What will these changes mean for the NHS?

Much of what is happening to the NHS is because the current government wants to massively reduce the size of the public sector (see http://www.guardian.co.uk/news/datablog/2012/oct/16/government-spending-countries-gdp#data) and open up public services to private companies.

Despite denials, it is increasingly clear that the government ‘reforms’ are leading to the privatisation of the NHS (see http://nhsforsale.info/). NHS services are already increasingly run by multinational companies and investment firms (see http://www.express.co.uk/posts/view/355999/Who-now-owns-the-NHS-and-can-they-cure-it-), with the NHS becoming a kind of collective ‘brand name’ for a host of NHS and private health care providers.

For example, contracts monitored by the NHS Support Federation show that private firms won £3.54bn of £9.628bn worth of NHS work in England during 2014. And a freedom of information request by Labour revealed that private firms won 40% of the contracts that CCGs put out to tender, worth a total of £2.3bn – only slightly fewer than the 41% awarded to NHS bodies (http://www.theguardian.com/society/2015/apr/25/far-more-nhs-contracts-going-to-private-firms-than-ministers-admit-privatisation).

Private companies are free to decide which NHS services they compete for, so they inevitably chose to work in areas where they can make the most profit – for example where there is high turnover. This leaves the NHS to cope with the most complicated, costly and unprofitable services such as A&E, care of the elderly and the chronically ill.

Until the HSC Act, there has been no profit motive driving the NHS. However, the first duty of a private healthcare business is to make profits for its shareholders – and this profit has to come out of the NHS money allocated for patient care.

In some cases, the creeping privatisation of services is leading to clinical problems. For example, researchers at Imperial College, London found that private sector and other non-NHS providers of GP services performed worse than traditional GP practices on 15 out of 17 indicators, such as patient satisfaction, control of diabetes or high blood pressure, and keeping patients out of hospital. (http://www.independent.co.uk/life-style/health-and-families/health-news/private-sector-providers-of-gp-services-being-outperformed-by-traditional-practices-10199610.html).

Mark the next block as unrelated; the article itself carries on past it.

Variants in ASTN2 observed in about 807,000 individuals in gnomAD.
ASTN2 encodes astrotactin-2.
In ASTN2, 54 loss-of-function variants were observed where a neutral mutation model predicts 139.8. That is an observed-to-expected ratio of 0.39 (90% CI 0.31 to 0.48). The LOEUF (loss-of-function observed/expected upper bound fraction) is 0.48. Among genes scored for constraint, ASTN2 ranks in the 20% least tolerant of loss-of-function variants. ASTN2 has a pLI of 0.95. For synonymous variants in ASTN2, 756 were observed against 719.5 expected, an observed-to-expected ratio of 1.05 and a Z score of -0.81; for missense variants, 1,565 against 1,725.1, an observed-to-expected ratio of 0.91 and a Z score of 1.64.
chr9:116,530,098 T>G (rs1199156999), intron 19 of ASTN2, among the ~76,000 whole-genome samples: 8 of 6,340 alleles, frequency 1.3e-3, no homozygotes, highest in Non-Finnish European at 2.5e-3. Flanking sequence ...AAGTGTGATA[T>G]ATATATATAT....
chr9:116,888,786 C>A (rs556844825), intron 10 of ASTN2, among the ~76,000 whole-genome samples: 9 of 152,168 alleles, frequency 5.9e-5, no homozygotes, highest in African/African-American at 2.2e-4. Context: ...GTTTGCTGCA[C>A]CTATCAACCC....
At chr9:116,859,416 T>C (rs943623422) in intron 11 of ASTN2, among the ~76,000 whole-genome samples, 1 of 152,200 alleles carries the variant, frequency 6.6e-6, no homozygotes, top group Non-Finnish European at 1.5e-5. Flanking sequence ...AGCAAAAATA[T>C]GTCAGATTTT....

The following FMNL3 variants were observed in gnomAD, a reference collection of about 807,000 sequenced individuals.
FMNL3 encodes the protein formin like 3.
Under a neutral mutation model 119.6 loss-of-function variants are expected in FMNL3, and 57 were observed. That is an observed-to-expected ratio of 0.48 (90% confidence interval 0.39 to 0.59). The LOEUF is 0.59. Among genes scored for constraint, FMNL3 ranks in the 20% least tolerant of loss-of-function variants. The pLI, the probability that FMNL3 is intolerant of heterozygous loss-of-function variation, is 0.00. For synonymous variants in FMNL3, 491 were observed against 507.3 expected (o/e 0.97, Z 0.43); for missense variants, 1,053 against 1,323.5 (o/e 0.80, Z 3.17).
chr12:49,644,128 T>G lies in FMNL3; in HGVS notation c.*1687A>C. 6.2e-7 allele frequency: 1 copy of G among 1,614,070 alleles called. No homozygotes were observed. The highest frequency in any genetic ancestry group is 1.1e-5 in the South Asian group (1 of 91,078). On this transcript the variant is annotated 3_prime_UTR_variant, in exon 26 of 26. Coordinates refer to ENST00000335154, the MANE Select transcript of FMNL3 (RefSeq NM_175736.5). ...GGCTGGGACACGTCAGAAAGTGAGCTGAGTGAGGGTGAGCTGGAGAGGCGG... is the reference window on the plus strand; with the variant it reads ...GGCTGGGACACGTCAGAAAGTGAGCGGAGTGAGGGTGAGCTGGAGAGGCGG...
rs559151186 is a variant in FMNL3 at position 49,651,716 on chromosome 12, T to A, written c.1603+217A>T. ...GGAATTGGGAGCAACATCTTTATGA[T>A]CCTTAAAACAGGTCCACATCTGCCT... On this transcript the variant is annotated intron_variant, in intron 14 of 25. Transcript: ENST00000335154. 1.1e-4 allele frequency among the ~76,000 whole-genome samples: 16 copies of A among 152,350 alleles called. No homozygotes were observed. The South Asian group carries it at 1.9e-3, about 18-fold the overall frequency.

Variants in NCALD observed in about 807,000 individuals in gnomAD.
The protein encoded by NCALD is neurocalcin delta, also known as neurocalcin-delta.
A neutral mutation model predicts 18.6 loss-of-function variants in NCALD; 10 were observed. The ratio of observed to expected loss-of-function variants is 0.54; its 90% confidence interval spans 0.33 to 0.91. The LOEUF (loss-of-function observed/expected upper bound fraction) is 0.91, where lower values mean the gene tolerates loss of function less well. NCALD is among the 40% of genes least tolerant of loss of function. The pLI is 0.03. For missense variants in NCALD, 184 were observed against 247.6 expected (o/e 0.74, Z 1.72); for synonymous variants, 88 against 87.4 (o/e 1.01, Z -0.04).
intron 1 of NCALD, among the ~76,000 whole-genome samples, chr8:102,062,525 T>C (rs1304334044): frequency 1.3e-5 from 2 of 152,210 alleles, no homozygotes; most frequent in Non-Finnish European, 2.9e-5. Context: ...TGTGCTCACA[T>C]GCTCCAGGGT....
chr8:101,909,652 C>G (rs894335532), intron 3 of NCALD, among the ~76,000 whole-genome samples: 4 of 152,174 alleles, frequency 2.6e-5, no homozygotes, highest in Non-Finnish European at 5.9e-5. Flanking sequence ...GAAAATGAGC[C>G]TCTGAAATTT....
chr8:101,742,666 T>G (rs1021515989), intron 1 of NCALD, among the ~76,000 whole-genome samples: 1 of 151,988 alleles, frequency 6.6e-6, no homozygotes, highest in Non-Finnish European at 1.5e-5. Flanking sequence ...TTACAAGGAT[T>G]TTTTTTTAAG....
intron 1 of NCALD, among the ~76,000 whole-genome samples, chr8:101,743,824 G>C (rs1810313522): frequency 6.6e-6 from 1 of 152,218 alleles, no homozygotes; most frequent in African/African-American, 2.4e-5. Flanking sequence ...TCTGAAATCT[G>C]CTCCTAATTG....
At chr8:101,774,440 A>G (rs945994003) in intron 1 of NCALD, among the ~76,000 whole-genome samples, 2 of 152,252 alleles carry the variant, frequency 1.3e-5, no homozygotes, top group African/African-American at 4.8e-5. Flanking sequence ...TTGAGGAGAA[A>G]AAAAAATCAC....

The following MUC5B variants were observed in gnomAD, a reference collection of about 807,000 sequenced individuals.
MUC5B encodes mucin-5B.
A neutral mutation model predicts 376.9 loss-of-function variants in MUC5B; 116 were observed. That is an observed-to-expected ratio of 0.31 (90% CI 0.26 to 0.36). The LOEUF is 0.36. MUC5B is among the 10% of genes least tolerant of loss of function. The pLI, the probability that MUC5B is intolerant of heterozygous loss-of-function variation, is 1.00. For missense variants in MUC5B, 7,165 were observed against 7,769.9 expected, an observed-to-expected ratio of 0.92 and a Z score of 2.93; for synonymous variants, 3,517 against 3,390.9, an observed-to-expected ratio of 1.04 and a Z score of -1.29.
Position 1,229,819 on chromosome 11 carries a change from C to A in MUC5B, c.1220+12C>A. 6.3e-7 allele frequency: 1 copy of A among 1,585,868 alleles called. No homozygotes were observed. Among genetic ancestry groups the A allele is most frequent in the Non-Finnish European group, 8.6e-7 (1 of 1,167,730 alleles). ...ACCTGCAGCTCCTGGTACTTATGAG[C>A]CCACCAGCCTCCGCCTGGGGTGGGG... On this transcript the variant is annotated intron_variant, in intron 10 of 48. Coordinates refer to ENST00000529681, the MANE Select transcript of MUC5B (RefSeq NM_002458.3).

Private health care companies are protected by rules on ‘commercial confidentiality’. This lack of transparency makes it difficult for those who are monitoring services to find out if the public is getting the best deal when private companies are involved, or to check safety records.

As a result of the HSC Act, the NHS budget is managed by a whole range of new organisations that have to give private companies the opportunity to compete for  contracts. Making organisations and services compete against each other is fragmenting the NHS instead of building collaboration and good communication across services.  It is also thought to lead to a “race to the bottom” in service quality.

Finally, the added costs of running the NHS as a market (arising, for example, from contracting, billing and legal costs) are contributing to the financial problems of the NHS. (see also our page on marketisation.

Further information

An informative video, made in 2011, on the anticipated effects of the HSC Act: https://www.youtube.com/watch?v=YiLhJrZOkAU

http://www.unitetheunion.org/uploaded/documents/guidetonhsprivatisation11-10734.pdf

https://www.opendemocracy.net/ournhs/kailash-chand/“nhs-reforms-our-worst-mistake-coming-from-tories-this-is-too-little-too-late

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